Now we knew who Three Sox was and a little more about his history, but he still needed a home. He needed somebody that would understand that he was a laid back horse that had spent the better part of his life on the road. He was willing to work but just didn’t want to work real hard. We found him such a home with another member of the forum known as “Seaturtle” (a.k.a. Sara Pieper). Here are her thoughts soon after he arrived at his new forever home.

“He's finally here! And he is such a good boy. I've ridden him twice now and he's great, doesn't care about anything. There was one massive snow slide off the roof of the arena and he didn't even flinch (I did!). He has a cute little headset, too. I think he may have lost some weight in the whole trailering process so we'll just be working on that for now.

Casey Pieper enjoys trail riding with

 the new addition to the farm.


“He is now known as Captain (Captain Oats). His canter is getting pretty awesome; nice and smooth. I ride him bareback and without stirrups. He loves spring and likes to primp walk sometimes, but like I told Bert, he's very obedient and will flat walk the second he's asked. He's got a big fan club up here. He's definitely the most laid back one in a barn full of obnoxious quarter horses!”

One member of his fan club, Lindsay DeTienne, got to show him and emerged with a blue ribbon.

Lindsay DeTienne never rode Three Sox before
stepping up on him to win her academy class.
DeTienne is a customer of Tony Ray.

“Being the rider of Captain Oats this past week at Glen Valley, I must say it was so fun! He is SO cute and was a total gentleman. I felt very honored to be able to show off such a special horse, and without all of you, it wouldn't have been possible!

“I had a lot of people come up to me between our classes to tell me how good our ride was and how adorable he was. I told them the story of Oats, and every person was blown away at how much he's overcome in his life.

“It's truly amazing and I could only hope every horse rescued could have such a happy ending.

“Thanks to everyone involved in any little way for our blue ribbon this week! It's a memory to remember.”

For Sara, the decision to adopt a horse was simple. But the rewards she’s received and the lessons she’s learned have been far more than she ever expected.

“My family made the decision to adopt a rescue horse with the basic intention of ensuring it would have a safe, happy and healthy life after whatever it had lived through prior to our ownership. I had very few characteristics or attributes I was looking for in the horse - just basically something to hop on every once in awhile and have fun with.

“After a short phone conversation with Nealia, she sold me on one particular gelding that Saddlebred Rescue had acquired through the sale. Since then, "Captain" has exceeded everyone's expectations. He is a very laid back, no-nonsense type of horse, ideal for introducing a newcomer to the world of Saddlebreds. The kids enjoy him so much we rarely ride him at all anymore, save for the few bareback trail rides over the summer. Now, for a sporadic half hour somewhere within the week, he walks or walk/trots around the arena with children as young as six years old aboard. He has done a little bit of everything a tolerant horse should do: from being used as a birthday party horse for a group of several young boys, to being shown in three classes (winning two), and wearing a visor and boa (among other decorations) in a youth club "horse decorating" contest. He does his job obediently and then enjoys the attention and treats he receives afterward.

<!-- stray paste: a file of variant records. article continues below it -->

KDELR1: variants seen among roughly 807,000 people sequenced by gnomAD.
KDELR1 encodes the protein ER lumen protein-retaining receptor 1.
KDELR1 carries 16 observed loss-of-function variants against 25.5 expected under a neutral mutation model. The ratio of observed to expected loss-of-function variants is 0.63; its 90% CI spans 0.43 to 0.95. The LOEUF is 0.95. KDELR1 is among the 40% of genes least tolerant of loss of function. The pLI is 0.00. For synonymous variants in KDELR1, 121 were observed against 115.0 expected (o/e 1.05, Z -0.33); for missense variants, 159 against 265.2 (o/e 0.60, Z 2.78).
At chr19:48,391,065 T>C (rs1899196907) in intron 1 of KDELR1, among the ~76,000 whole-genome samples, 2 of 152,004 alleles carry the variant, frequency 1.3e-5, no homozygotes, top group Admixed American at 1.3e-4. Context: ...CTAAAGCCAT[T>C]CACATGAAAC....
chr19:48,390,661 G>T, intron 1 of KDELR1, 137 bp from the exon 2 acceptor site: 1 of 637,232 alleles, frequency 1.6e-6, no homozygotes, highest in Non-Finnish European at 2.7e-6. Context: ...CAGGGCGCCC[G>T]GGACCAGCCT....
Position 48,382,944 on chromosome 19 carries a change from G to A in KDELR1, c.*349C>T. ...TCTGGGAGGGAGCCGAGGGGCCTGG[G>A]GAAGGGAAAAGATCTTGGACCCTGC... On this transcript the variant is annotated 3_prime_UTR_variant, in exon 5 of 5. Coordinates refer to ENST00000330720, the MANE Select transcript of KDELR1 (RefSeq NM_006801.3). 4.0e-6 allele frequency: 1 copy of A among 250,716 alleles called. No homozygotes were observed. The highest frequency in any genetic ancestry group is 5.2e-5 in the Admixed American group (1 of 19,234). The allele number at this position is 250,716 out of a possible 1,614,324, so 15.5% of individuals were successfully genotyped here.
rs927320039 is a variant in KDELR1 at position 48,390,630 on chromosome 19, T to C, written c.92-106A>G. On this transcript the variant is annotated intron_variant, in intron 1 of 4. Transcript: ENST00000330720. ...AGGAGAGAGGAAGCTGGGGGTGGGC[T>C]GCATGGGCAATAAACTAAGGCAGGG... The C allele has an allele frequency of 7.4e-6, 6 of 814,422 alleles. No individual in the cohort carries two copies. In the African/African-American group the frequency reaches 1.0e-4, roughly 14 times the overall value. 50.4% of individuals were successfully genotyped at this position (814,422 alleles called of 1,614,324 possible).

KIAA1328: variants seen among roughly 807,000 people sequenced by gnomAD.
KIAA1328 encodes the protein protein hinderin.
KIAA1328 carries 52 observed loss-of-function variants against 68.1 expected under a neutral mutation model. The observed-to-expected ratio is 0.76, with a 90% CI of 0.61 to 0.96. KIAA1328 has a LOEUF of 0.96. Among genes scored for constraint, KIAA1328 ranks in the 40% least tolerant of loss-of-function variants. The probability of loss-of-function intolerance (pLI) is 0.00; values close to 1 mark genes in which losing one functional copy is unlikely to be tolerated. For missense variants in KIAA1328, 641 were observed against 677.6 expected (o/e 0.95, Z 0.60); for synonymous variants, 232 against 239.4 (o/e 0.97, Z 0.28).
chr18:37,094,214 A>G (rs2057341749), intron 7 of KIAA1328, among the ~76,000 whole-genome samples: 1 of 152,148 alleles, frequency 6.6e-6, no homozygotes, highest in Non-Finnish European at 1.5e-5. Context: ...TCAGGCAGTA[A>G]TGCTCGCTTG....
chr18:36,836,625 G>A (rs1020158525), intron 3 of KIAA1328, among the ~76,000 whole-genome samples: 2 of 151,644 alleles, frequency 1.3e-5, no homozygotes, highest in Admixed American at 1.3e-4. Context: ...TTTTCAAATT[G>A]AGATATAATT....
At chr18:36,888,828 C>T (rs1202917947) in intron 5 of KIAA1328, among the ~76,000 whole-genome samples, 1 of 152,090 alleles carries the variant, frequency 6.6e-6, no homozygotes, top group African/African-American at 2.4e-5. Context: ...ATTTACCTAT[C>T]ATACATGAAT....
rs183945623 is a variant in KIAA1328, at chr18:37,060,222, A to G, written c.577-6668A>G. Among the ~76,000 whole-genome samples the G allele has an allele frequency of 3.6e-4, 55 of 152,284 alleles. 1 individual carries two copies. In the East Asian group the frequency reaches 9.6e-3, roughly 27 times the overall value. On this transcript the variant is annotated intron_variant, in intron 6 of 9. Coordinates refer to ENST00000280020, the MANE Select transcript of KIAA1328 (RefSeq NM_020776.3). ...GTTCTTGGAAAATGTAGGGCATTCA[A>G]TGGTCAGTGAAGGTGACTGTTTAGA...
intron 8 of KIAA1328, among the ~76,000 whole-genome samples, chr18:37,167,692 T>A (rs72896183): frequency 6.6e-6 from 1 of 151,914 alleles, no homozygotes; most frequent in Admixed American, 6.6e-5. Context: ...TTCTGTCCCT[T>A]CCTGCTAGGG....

Three Sox has also come to like giving            Three Sox is also a good   
   birthday rides for the local community.           sport when it comes to
                                                                         the costume classes.

“We look forward to the day when we own our own land and can put more of these horses in ‘forever homes’. I know that seeing the fate of many of these animals has encouraged us - as well as many others - to keep careful track of the horses that have previously been in our lives.”

As Sara observed, when you sell a horse you have no idea where they will ultimately end up or if you will ever hear about or see them again. You can’t keep all of them - nobody can - but maybe you can allow one of these horses into your life, be it as a lesson horse, a buddy to have fun riding around with, or the prettiest pasture ornament in the field. These horses still have a lot to offer.

Captain Oats is now in a lesson program in Wisconsin where Sara loaned him to Jenna Culligan who is a good friend.


“We are very excited to have Captain Oats in our lesson program here at My Fantasy Farm, LLC in Pulaski, Wis. Captain is a wonderful asset to our lesson program and the kids absolutely adore him. He teaches students how to groom, tack up, lead and pick his feet. We recently found out that he loves donuts! I was eating one before one of his lessons and as soon as he saw me with it, he walked towards me and started licking his lips! Captain will be showing again this year with some of our academy students.


Six-year-old Riley Rasmussen,

as well as several other lesson riders,

 will be showing Three Sox this year.


“Captain is also a great babysitter for the two-year-olds outside; he plays with them and enjoys herding them around the pasture!”

The horses of Saddlebred Rescue have given much in their lives; it’s time for those of us who love this breed to give back to them. Together, we can make all the difference.

For more information, please visit, where you can make a donation, fill out an adoption form, join the lively discussion forum or simply find out a little more about what we do. SBR can also be contacted by telephone at 908-304-3560. For those without Internet access the address is: Saddlebred Rescue Inc., 13765 Old Post Rd., Hortense GA 31543.

The Saddlebreds are waiting!